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Experiencing a rocky start is enough sometimes to discourage us from going any further and we convince ourselves we don't have what it takes to do a certain task.
How to outsmart it: Develop a growth mindset and try to see each failure as just an opportunity to learn.
While our identities can give us a sense of meaning and a place in the world, sometimes they can get in our way when we’re attempting new things: many of us will avoid doing anything that threatens our sense of self.
How to outsmart it: Find people like you, that are doing the things you'd like to do and share your concerns with them.
Secretly, you don’t want to do it; you just think you should want to do it. You value it for the wrong reasons. If you’re only coming up with extrinsic reasons for your activity or goal, you may decide that it’s not worth pursuing.
How to outsmart it: Think of your intrinsic reason — the motivation behind why you’re doing what you say you want to do — like your own personal energy source.
SIMILAR ARTICLES & IDEAS:
... that you know are doomed. We should not be pursuing every relationship that comes our way, but only those relationships that have the potential to work.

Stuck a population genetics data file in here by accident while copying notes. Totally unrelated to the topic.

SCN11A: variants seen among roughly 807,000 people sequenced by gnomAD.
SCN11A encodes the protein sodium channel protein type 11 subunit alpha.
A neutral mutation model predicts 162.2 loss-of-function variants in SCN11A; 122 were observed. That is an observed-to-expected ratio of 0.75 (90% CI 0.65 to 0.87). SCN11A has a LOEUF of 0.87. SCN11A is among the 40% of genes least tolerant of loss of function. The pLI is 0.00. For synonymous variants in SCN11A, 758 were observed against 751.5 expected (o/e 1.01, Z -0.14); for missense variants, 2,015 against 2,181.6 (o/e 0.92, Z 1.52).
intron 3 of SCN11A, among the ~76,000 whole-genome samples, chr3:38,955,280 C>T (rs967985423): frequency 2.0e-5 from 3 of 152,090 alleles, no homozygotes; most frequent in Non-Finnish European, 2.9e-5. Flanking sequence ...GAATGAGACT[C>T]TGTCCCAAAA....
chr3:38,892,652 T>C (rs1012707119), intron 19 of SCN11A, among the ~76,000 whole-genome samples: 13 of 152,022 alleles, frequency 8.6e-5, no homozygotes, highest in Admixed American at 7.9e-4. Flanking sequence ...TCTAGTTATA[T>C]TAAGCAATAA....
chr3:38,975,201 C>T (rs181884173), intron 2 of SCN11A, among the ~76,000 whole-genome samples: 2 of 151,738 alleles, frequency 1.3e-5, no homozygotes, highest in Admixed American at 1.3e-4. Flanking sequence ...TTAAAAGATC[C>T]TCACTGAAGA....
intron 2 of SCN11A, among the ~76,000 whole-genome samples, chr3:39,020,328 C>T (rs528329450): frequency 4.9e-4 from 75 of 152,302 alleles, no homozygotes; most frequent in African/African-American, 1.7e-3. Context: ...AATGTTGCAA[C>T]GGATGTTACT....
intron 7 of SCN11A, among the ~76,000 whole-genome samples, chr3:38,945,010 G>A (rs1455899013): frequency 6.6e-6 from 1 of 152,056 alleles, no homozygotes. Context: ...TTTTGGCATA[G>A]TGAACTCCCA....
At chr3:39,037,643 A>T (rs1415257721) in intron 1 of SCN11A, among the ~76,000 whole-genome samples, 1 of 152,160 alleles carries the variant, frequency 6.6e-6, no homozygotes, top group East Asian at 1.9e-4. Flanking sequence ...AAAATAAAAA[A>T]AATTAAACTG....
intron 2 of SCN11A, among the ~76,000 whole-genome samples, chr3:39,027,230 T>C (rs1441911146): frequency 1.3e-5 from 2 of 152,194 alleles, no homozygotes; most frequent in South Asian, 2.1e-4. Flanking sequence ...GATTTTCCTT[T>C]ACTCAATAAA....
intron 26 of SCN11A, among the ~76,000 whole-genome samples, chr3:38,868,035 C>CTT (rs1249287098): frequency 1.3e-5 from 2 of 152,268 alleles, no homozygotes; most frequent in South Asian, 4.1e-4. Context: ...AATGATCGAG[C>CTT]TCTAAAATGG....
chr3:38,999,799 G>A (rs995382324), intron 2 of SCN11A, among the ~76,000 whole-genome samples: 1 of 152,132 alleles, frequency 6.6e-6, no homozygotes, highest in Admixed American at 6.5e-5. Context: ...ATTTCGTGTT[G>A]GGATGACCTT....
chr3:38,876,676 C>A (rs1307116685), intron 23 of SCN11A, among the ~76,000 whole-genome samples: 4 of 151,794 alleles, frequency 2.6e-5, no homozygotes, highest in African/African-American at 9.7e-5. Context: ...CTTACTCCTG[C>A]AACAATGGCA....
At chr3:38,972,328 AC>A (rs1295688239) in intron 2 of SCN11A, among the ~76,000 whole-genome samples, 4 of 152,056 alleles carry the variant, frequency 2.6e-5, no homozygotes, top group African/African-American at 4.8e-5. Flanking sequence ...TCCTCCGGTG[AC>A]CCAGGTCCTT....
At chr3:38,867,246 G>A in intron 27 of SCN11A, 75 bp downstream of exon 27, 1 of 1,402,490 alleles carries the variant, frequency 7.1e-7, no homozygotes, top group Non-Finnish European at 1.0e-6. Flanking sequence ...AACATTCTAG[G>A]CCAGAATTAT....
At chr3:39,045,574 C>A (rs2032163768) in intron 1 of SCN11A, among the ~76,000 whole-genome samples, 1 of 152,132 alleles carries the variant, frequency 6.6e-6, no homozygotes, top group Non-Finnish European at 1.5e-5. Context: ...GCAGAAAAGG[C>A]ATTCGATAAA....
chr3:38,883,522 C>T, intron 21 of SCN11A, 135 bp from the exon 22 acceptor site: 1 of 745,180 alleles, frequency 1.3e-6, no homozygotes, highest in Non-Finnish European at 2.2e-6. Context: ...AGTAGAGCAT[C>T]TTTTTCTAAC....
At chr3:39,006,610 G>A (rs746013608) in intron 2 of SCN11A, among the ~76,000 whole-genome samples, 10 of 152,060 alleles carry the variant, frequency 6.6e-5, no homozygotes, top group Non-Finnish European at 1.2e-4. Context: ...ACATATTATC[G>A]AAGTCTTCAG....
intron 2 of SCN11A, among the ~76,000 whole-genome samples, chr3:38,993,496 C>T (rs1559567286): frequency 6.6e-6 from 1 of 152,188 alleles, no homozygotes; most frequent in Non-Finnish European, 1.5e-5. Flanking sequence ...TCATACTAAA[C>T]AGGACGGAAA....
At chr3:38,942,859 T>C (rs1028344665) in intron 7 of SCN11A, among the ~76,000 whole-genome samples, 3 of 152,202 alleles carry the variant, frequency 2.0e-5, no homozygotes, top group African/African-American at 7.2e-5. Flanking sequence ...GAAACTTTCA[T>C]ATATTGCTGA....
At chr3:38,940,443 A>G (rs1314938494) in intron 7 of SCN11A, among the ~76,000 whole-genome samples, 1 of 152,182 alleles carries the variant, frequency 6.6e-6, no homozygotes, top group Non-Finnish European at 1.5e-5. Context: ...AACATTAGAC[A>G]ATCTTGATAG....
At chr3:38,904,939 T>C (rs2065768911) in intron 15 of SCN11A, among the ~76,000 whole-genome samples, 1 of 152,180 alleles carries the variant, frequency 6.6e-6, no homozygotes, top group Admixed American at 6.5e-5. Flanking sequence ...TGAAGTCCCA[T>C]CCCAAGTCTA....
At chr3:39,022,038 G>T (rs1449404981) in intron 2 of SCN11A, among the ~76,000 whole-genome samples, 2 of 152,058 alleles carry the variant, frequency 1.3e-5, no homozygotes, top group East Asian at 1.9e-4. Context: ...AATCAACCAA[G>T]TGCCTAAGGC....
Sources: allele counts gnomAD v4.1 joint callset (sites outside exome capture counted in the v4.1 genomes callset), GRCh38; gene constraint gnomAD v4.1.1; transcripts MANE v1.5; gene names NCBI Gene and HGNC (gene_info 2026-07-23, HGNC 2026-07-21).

... when you’re in a relationship. Think about those four horsemen of the relationships apocalypse: criticism, defensiveness, contempt and stonewalling and how often do you exhibit any of them.
Try to observe your actions and strive to understand the reasons behind them.
It helps to view your relationship as a “work of art” that you two are co-creating together, in real-time.
The work-of-art mindset can help counter that pessimistic self-narrative. Instead, you get to stop thinking about yourself and what you’re gaining or losing in your relationship, and you get to start thinking about what you have to offer.
Contrary to popular belief, body language in the context of public speaking is more than hand and arm gesture.
It means adjusting the way we stand, move and smile to capture and hold the atte...
Match your gestures to your words.
We are visual creatures, and any movement used in the right way in this direction will spark the attention of your audience. Just try not to abuse this rule.
The five stages of grief are described as anger, bargaining, denial, depression, and acceptance. Yet, when a tragedy strike, we already know how bad things are. What is most needed is hope.
We live in an age where many feel that they are entitled to a perfect life. But at some stage, everyone will face a tragedy.
When tough times do come, resilient people seem to recognize that suffering is part of every human life. Understanding this stops you from feeling discriminated against when trouble comes.
Resilient people typically manage to focus on the things they can change and accept the things they can't.
Don't get swallowed up by your troubles. Don't lose what you still have to what you have lost.